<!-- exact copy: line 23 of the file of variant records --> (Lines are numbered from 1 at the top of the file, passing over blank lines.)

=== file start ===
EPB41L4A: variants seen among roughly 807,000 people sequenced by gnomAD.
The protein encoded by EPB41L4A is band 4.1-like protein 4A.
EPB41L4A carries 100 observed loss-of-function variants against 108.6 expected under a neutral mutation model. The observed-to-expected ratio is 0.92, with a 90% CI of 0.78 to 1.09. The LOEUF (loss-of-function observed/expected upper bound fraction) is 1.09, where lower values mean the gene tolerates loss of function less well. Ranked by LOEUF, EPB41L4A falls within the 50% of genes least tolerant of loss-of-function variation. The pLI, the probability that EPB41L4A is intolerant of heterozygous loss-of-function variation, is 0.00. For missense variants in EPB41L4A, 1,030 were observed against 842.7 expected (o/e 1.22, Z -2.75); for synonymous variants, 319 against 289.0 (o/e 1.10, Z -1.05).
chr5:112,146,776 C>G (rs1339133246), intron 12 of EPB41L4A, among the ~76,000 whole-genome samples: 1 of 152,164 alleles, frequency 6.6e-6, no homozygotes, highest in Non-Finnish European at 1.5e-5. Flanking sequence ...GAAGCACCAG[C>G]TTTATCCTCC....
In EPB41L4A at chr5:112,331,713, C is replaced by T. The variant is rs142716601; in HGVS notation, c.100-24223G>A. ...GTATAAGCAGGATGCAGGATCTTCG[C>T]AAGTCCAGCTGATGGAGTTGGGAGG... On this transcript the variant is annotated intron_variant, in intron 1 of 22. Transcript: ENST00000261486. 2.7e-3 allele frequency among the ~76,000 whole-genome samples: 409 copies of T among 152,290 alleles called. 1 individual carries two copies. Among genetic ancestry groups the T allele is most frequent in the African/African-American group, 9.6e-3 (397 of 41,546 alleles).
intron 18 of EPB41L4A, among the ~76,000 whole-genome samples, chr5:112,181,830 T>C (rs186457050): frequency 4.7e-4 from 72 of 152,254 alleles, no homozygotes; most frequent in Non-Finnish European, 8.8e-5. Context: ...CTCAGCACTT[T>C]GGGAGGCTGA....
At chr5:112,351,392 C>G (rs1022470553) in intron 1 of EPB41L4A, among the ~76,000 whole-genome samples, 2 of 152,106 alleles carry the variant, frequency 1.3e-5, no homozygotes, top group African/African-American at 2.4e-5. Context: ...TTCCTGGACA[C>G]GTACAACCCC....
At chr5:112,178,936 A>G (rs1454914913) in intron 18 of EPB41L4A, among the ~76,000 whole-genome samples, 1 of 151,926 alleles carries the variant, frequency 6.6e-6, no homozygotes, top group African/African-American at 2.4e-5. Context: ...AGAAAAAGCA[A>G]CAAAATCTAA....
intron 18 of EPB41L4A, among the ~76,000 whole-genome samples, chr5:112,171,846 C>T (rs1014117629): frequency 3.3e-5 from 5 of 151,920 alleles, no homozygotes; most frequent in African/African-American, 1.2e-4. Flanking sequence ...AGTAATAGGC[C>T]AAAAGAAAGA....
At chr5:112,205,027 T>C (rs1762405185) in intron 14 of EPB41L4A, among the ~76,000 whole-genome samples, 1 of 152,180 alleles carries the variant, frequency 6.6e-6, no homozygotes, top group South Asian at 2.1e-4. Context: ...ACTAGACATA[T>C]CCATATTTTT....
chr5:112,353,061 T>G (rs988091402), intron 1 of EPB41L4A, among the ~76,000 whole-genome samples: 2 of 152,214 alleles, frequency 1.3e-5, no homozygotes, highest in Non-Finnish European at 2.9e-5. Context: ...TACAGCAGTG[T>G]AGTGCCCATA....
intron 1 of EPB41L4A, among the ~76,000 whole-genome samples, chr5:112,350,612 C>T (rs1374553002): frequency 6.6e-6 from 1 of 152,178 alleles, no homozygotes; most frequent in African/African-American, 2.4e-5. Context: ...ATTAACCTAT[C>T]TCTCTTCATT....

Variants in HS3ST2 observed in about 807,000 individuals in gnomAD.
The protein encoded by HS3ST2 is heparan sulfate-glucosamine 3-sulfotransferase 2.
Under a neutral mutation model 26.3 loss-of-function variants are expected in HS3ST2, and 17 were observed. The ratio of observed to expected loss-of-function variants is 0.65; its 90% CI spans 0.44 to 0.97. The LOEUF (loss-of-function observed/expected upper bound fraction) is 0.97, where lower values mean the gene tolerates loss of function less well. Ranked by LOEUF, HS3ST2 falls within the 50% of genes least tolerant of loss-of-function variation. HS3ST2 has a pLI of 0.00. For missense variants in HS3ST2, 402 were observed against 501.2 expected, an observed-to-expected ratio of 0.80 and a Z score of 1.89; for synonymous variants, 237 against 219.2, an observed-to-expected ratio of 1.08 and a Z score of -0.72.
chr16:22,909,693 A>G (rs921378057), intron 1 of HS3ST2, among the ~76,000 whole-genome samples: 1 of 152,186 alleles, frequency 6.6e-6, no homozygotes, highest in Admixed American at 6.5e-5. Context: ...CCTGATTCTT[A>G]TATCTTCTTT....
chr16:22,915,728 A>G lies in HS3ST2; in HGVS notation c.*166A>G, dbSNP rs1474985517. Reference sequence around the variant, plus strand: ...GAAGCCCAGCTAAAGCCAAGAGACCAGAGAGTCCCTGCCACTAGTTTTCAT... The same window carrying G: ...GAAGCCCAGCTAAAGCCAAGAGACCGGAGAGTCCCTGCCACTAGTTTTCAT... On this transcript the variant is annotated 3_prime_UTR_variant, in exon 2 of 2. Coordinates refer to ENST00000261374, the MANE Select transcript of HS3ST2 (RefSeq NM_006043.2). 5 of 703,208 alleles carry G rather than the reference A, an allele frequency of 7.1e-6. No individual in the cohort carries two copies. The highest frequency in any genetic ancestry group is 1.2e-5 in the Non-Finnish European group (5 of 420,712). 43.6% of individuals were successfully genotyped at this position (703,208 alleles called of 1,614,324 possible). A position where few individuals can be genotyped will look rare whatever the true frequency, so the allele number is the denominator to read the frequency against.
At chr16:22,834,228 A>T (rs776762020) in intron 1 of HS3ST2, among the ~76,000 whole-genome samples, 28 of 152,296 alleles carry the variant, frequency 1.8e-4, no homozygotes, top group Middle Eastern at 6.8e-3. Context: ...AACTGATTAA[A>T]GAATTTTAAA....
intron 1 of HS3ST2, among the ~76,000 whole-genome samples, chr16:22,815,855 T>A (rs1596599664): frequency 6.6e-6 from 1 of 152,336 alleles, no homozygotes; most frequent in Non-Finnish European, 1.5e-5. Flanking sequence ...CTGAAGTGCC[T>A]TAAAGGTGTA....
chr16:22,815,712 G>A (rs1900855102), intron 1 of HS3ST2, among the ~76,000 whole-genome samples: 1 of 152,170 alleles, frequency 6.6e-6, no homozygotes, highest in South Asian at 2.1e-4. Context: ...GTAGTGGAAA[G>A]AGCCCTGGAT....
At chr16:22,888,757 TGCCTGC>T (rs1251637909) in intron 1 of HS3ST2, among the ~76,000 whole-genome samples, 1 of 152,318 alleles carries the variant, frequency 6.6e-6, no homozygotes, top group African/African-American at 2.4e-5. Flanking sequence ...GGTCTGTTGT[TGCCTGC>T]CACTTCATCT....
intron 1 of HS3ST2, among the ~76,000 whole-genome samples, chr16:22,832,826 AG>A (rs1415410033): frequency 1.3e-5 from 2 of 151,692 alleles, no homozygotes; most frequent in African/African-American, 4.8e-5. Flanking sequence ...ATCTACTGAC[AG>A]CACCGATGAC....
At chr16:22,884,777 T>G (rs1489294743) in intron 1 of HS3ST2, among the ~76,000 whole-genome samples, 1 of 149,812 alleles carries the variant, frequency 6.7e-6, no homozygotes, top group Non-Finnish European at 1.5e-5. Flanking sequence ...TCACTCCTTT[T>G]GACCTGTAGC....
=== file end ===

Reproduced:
At chr16:22,884,777 T>G (rs1489294743) in intron 1 of HS3ST2, among the ~76,000 whole-genome samples, 1 of 149,812 alleles carries the variant, frequency 6.7e-6, no homozygotes, top group Non-Finnish European at 1.5e-5. Flanking sequence ...TCACTCCTTT[T>G]GACCTGTAGC....